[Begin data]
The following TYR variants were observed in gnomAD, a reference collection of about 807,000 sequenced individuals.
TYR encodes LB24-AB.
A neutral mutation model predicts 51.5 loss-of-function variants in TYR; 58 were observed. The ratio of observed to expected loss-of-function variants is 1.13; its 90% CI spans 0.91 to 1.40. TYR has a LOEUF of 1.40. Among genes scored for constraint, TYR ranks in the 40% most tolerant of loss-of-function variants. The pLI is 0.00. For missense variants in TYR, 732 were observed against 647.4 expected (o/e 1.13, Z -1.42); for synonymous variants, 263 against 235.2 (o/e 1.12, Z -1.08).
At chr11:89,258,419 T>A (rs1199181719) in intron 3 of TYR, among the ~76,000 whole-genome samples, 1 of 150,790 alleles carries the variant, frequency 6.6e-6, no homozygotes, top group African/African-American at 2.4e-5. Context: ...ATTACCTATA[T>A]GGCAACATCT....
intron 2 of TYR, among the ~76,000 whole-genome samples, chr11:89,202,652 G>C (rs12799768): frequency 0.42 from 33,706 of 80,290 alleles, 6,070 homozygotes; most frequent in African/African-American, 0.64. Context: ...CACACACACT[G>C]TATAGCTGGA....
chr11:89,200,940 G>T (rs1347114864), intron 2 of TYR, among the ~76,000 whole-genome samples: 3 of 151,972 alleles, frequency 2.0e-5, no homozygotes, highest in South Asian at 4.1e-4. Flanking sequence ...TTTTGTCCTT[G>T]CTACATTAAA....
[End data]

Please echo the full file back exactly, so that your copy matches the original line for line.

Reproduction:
The following TYR variants were observed in gnomAD, a reference collection of about 807,000 sequenced individuals.
TYR encodes LB24-AB.
A neutral mutation model predicts 51.5 loss-of-function variants in TYR; 58 were observed. The ratio of observed to expected loss-of-function variants is 1.13; its 90% CI spans 0.91 to 1.40. TYR has a LOEUF of 1.40. Among genes scored for constraint, TYR ranks in the 40% most tolerant of loss-of-function variants. The pLI is 0.00. For missense variants in TYR, 732 were observed against 647.4 expected (o/e 1.13, Z -1.42); for synonymous variants, 263 against 235.2 (o/e 1.12, Z -1.08).
At chr11:89,258,419 T>A (rs1199181719) in intron 3 of TYR, among the ~76,000 whole-genome samples, 1 of 150,790 alleles carries the variant, frequency 6.6e-6, no homozygotes, top group African/African-American at 2.4e-5. Context: ...ATTACCTATA[T>A]GGCAACATCT....
intron 2 of TYR, among the ~76,000 whole-genome samples, chr11:89,202,652 G>C (rs12799768): frequency 0.42 from 33,706 of 80,290 alleles, 6,070 homozygotes; most frequent in African/African-American, 0.64. Context: ...CACACACACT[G>C]TATAGCTGGA....
chr11:89,200,940 G>T (rs1347114864), intron 2 of TYR, among the ~76,000 whole-genome samples: 3 of 151,972 alleles, frequency 2.0e-5, no homozygotes, highest in South Asian at 4.1e-4. Flanking sequence ...TTTTGTCCTT[G>T]CTACATTAAA....